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Vodafone blocks piracy site in Germany without court order

By | Published on Friday 29 March 2019

Vodafone in Germany has blocked access to a popular piracy platform after a complaint from collecting society GEMA, but without the music rights organisation actually securing an injunction ordering the blockade.

Web-blocking, of course, has become a preferred anti-piracy tactic of the music and movie industries in multiple countries around the world. It’s especially useful where rights owners don’t know who is operating a piracy site or the operators are based in a country where it would be hard to pursue legal action.

With this anti-piracy approach internet service providers are asked to block their customers from accessing websites that primarily infringe copyright, or which facilitate or encourage others to infringe. Quite how web-blocking works varies from country to country, but it usually involves securing a court order or filing a complaint with a government agency.

However, the German division of Vodafone has blocked a site called Boerse.to – where people share links to pirated music, movies and TV shows – without any court order. Seemingly because GEMA had indicated it would go to court if the ISP didn’t act and Vodafone wanted to avoid having to deal with any future legal action.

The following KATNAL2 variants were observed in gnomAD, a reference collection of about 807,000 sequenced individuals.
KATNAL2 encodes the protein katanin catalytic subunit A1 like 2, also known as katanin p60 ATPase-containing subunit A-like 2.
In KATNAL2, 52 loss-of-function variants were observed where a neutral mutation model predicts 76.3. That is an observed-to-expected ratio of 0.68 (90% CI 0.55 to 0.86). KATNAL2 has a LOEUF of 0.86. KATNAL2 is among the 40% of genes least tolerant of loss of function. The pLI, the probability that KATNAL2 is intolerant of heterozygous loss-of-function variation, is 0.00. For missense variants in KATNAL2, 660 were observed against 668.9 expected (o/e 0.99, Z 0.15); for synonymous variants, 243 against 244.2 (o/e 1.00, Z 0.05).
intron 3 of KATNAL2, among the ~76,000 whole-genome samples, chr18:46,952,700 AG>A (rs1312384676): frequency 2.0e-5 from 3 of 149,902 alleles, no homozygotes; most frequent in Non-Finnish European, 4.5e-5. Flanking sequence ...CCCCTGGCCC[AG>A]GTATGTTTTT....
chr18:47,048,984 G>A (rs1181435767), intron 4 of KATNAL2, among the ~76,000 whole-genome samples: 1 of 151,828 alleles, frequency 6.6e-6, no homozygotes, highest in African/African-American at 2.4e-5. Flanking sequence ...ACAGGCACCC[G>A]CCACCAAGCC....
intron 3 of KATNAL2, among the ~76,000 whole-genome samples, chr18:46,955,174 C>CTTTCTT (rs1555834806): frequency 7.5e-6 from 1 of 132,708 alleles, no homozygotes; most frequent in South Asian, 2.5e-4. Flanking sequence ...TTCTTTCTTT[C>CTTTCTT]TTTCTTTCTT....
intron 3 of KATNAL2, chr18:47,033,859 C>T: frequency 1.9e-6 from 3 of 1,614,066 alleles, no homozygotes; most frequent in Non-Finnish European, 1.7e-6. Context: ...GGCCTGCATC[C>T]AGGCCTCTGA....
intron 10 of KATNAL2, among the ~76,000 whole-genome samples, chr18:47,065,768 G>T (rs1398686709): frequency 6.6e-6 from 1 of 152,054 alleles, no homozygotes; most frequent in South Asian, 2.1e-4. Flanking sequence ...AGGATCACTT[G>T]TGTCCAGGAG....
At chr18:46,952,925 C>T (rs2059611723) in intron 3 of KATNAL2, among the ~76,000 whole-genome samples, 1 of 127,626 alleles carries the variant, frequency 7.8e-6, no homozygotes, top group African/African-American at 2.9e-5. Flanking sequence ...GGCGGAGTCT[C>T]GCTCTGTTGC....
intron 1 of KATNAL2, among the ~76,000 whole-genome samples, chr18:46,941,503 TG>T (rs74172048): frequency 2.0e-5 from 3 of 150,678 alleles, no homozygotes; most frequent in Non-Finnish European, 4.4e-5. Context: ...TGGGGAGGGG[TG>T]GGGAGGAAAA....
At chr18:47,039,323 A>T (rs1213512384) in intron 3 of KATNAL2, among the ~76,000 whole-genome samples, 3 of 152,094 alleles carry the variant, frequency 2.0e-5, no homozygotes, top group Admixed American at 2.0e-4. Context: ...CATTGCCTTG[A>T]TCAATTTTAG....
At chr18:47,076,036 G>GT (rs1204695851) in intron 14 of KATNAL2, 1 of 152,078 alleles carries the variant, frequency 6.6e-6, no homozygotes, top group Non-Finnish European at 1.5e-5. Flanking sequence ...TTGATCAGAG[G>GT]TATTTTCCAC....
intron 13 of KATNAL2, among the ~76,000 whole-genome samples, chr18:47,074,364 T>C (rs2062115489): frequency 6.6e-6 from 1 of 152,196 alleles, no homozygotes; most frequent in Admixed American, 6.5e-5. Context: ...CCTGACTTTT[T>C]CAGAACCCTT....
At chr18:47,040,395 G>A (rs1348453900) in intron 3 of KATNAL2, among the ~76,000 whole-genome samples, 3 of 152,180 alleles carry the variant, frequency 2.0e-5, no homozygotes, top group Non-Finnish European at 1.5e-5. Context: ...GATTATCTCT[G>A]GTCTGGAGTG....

Asked about the Boerse.to blocking by Torrentfreak, a spokesperson for Vodafone Germany said: “On the basis of a notification from GEMA, we have set up a DNS blockade for the ‘boerse.to’ domain. The blockade affects Vodafone GmbH’s fixed and mobile network”.

The tel co then cited recent precedents in German law regarding the responsibilities and liabilities of internet companies in this domain. The spokesperson went on: “GEMA has officially sent us a notification and we have set up the DNS blockade in order to avoid a legal dispute in accordance with the principles established by the Federal Court Of Justice”.

Vodafone added that it is “critical of these blocking requests”, but that it would nevertheless comply with its legal obligations. Though, that said, prior to instigating the blockade it did confirm that GEMA had tried to target the operators of Boerse.to directly. The music rights body then separately confirmed that it only employs web-blocking where the operators of piracy sites are unknown or impossible to reach.

Because Vodafone has voluntarily agreed to block Boerse.to, the site is still accessible via other ISPs in Germany, whereas usually – when web-blocking court orders are secured – they apply to all the major net firms in any one country. It will therefore be interesting to see how the other ISPs of Germany respond if sent similar complaints by GEMA.



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